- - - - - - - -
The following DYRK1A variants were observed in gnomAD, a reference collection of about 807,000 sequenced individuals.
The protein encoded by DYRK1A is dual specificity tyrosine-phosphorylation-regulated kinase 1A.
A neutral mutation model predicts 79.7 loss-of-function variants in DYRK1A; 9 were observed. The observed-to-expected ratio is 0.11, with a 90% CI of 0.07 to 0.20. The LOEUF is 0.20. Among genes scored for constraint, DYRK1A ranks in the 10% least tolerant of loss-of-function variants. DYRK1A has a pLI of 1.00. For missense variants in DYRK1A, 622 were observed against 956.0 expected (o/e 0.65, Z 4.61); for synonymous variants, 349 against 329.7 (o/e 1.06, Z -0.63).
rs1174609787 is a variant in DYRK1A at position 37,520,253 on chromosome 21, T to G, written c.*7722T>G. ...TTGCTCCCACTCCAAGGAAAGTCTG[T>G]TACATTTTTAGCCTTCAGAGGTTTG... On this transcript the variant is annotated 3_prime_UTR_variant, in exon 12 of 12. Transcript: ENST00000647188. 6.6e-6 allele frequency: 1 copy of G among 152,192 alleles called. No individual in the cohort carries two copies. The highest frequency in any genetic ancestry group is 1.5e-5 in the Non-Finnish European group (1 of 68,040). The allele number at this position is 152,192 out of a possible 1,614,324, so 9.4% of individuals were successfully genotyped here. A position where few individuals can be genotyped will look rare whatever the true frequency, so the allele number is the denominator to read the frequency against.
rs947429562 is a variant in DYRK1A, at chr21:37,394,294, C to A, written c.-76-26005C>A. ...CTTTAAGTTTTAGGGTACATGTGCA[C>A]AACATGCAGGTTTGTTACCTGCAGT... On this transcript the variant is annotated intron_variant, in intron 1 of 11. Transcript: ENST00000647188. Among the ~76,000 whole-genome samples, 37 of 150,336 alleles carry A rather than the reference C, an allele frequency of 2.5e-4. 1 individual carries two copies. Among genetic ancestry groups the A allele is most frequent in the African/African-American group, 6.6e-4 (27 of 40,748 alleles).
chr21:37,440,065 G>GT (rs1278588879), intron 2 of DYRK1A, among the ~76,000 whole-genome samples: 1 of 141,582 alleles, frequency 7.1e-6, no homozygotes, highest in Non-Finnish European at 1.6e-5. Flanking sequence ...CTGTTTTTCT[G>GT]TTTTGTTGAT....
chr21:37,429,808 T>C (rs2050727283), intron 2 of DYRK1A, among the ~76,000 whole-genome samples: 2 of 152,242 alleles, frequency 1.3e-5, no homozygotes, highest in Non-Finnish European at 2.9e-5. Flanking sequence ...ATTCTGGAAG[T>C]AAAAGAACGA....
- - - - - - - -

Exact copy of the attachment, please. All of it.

The following DYRK1A variants were observed in gnomAD, a reference collection of about 807,000 sequenced individuals.
The protein encoded by DYRK1A is dual specificity tyrosine-phosphorylation-regulated kinase 1A.
A neutral mutation model predicts 79.7 loss-of-function variants in DYRK1A; 9 were observed. The observed-to-expected ratio is 0.11, with a 90% CI of 0.07 to 0.20. The LOEUF is 0.20. Among genes scored for constraint, DYRK1A ranks in the 10% least tolerant of loss-of-function variants. DYRK1A has a pLI of 1.00. For missense variants in DYRK1A, 622 were observed against 956.0 expected (o/e 0.65, Z 4.61); for synonymous variants, 349 against 329.7 (o/e 1.06, Z -0.63).
rs1174609787 is a variant in DYRK1A at position 37,520,253 on chromosome 21, T to G, written c.*7722T>G. ...TTGCTCCCACTCCAAGGAAAGTCTG[T>G]TACATTTTTAGCCTTCAGAGGTTTG... On this transcript the variant is annotated 3_prime_UTR_variant, in exon 12 of 12. Transcript: ENST00000647188. 6.6e-6 allele frequency: 1 copy of G among 152,192 alleles called. No individual in the cohort carries two copies. The highest frequency in any genetic ancestry group is 1.5e-5 in the Non-Finnish European group (1 of 68,040). The allele number at this position is 152,192 out of a possible 1,614,324, so 9.4% of individuals were successfully genotyped here. A position where few individuals can be genotyped will look rare whatever the true frequency, so the allele number is the denominator to read the frequency against.
rs947429562 is a variant in DYRK1A, at chr21:37,394,294, C to A, written c.-76-26005C>A. ...CTTTAAGTTTTAGGGTACATGTGCA[C>A]AACATGCAGGTTTGTTACCTGCAGT... On this transcript the variant is annotated intron_variant, in intron 1 of 11. Transcript: ENST00000647188. Among the ~76,000 whole-genome samples, 37 of 150,336 alleles carry A rather than the reference C, an allele frequency of 2.5e-4. 1 individual carries two copies. Among genetic ancestry groups the A allele is most frequent in the African/African-American group, 6.6e-4 (27 of 40,748 alleles).
chr21:37,440,065 G>GT (rs1278588879), intron 2 of DYRK1A, among the ~76,000 whole-genome samples: 1 of 141,582 alleles, frequency 7.1e-6, no homozygotes, highest in Non-Finnish European at 1.6e-5. Flanking sequence ...CTGTTTTTCT[G>GT]TTTTGTTGAT....
chr21:37,429,808 T>C (rs2050727283), intron 2 of DYRK1A, among the ~76,000 whole-genome samples: 2 of 152,242 alleles, frequency 1.3e-5, no homozygotes, highest in Non-Finnish European at 2.9e-5. Flanking sequence ...ATTCTGGAAG[T>C]AAAAGAACGA....